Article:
If we concentrate on the Pygmy end of this spectrum, the question "Why are Pygmies smaller than other people?" really delves into four separate areas of science. We can ask it genetically: Do Pygmies’ genes foreordain that they will be small, or is their small size entirely a result of poor nutrition? We can look at it developmentally: At what age do Pygmies fall behind other peoples in size? We can examine it physiologically: What mechanisms in the body produce that growth lag? Or we can take the long, broad view: Why did evolution program Pygmies to be small? What good, if any, does smallness do?
To understand the Pygmies, you have to understand their lifestyle. And a good group with which to begin is the smallest of the small, the Efe of the Ituri Forest, whom a friend of mine, UCLA anthropologist Robert Bailey, has been studying in Zaire for the last dozen years. The Efe spend more than half their time at temporary campsites in the forest, where the men use bows and poisoned arrows to hunt monkeys, small antelopes, and deer. However, the meat from this prey contributes only 9 percent of the Efe’s calories, while other forest products like honey and fruit yield just another 28 percent. For those of us reared to think of African Pygmies as forest-dwelling hunter-gatherers, it comes as a shock to learn where they actually get most of their nutrition: from the gardens of the Lese, the black African farmers who live just outside the forest! The Efe work for the Lese and bring them meat, honey, and other goods from the forest. In return the Lese pay the Efe with garden-grown vegetables and fruits, along with iron tools, cloth, pottery, and tobacco.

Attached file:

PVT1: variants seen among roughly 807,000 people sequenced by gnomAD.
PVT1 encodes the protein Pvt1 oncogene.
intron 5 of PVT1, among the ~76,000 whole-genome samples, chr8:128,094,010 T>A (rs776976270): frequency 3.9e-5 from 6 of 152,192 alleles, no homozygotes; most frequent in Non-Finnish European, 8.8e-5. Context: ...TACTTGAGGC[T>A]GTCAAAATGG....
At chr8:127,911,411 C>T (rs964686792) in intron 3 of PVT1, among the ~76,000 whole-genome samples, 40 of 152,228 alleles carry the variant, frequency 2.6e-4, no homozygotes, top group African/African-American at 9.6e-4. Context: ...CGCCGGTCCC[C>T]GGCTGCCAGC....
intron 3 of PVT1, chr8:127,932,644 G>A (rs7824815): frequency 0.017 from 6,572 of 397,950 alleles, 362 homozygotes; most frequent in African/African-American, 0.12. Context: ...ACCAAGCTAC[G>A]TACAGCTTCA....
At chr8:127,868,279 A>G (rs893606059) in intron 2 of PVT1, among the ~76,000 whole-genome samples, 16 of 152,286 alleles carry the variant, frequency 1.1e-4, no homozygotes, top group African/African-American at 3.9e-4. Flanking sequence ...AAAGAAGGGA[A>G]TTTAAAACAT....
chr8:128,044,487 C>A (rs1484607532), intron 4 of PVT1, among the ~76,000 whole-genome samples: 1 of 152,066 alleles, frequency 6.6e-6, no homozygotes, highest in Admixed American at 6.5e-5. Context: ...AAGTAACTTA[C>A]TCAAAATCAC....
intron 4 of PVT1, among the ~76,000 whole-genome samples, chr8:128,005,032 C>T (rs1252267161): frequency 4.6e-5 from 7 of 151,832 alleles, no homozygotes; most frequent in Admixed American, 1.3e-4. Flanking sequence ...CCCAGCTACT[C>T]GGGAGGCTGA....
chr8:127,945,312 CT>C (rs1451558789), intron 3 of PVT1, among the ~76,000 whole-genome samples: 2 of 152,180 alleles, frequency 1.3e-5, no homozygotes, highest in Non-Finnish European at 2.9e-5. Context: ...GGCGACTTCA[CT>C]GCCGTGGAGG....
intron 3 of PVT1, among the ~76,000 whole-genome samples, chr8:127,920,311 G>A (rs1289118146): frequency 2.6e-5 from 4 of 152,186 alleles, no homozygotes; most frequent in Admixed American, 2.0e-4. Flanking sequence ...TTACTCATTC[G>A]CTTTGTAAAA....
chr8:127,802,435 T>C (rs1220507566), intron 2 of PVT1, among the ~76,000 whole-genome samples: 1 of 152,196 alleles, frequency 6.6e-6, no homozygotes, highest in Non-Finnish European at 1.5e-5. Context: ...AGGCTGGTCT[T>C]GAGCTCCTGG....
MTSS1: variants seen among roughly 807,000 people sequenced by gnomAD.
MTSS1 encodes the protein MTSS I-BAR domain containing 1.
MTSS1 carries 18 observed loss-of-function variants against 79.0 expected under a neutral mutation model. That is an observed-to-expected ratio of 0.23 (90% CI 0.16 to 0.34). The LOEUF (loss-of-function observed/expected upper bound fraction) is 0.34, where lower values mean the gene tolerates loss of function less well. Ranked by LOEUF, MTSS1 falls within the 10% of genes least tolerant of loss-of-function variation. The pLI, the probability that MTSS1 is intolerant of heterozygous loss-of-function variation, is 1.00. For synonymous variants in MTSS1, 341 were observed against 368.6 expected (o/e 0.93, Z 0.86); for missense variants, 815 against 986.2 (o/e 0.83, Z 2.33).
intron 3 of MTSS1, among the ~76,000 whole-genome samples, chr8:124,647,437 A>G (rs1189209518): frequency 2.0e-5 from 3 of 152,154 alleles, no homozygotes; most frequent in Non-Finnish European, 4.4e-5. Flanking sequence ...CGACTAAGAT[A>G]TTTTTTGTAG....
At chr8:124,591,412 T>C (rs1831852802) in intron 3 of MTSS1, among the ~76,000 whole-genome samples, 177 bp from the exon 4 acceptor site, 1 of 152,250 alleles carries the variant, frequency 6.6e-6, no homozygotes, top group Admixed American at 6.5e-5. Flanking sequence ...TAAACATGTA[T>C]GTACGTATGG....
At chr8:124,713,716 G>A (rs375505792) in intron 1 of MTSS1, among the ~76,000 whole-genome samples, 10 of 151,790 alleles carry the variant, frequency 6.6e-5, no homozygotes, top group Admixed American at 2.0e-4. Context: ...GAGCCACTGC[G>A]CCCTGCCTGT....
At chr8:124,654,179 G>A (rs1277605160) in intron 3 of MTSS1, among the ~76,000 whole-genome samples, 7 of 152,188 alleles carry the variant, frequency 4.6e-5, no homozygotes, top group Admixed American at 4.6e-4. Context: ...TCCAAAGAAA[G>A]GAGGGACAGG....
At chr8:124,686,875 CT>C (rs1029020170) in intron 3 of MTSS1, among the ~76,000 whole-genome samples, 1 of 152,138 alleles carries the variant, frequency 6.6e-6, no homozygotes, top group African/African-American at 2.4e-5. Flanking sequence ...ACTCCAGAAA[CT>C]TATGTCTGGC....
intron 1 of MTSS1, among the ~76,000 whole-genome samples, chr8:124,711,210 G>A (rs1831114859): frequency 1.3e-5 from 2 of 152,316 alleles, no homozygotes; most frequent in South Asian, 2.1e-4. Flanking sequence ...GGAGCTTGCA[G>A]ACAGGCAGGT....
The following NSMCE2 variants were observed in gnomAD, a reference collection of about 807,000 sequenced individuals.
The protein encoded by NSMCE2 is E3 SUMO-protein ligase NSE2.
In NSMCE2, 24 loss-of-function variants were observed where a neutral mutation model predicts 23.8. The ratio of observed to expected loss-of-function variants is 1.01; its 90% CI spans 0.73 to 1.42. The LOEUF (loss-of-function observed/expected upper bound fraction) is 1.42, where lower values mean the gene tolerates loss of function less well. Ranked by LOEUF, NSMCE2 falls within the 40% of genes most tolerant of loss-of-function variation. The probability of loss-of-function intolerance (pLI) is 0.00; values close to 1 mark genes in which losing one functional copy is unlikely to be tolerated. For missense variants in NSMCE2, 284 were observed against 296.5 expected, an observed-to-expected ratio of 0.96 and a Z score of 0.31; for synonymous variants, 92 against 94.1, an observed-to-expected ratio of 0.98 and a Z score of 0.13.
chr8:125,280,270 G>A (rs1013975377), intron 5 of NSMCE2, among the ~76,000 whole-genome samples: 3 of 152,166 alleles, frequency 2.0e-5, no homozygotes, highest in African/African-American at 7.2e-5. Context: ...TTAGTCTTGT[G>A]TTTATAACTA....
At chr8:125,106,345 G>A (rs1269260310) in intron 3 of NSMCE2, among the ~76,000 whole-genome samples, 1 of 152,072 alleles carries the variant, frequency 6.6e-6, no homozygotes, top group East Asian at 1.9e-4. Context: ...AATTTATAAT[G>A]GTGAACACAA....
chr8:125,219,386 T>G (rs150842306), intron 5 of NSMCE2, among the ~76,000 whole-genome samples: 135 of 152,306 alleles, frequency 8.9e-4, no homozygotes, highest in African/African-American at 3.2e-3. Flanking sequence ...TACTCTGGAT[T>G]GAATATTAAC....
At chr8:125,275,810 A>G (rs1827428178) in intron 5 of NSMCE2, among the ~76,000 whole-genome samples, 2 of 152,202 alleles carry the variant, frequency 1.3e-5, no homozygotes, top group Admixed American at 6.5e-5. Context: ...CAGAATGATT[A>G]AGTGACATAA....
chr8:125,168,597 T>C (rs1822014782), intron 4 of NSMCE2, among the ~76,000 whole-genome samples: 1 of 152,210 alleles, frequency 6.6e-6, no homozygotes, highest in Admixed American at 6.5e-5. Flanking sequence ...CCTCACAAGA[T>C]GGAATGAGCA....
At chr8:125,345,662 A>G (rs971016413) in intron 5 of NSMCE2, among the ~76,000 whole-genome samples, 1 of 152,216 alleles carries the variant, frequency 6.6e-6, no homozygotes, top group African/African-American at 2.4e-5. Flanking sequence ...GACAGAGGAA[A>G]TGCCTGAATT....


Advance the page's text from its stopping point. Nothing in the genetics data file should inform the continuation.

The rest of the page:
If you ask the Lese about their relationship with the Efe, they’ll tell you they own the Efe as their hereditary serfs. Socially they regard the Efe as the lowest of the low. Poor Lese men sometimes buy Efe women as wives (because they cost less than Lese wives), but it would be unthinkable for the Lese to permit one of their own women to marry an Efe man.
For a long time anthropologists accepted the Lese view of the relationship. And in fact, the Efe connive in this fiction in order to maintain their existence and freedom. Like a sailor with several wives, each in a different port, the Efe pretend simultaneously to be the serfs of several different farmers in different villages scattered many days’ walk apart. In that way, if one Lese village has a temporary food shortage, its Efe can move to another village. Most important, this curious arrangement preserves the Efe way of life. The Lese don’t interfere with it, because they profit from the Efes’ presence.
In all these respects, as well as in their appearance and their genes, the Efe are representative of the nearly 200,000 Pygmies who live in bands scattered through the equatorial African forest. Like the Efe, the other African Pygmies live as clients of neighboring farmers and speak languages derived from the farmers’, having lost whatever their original Pygmy language was. Astonishingly, it’s now clear from archeological evidence that this arrangement could have arisen only within the last few thousand years, since it was around 2000 b.c. that black farmers speaking Bantu languages began to occupy sub-equatorial Africa, expanding out of their homeland in present-day Cameroon. Before that, Pygmies probably occupied the entire humid zone of equatorial and subequatorial Africa. The encroaching farmers must have driven the Pygmies out of open savannas suitable for farming, leaving them in fragmented groups in whatever forest the farmers had not yet felled.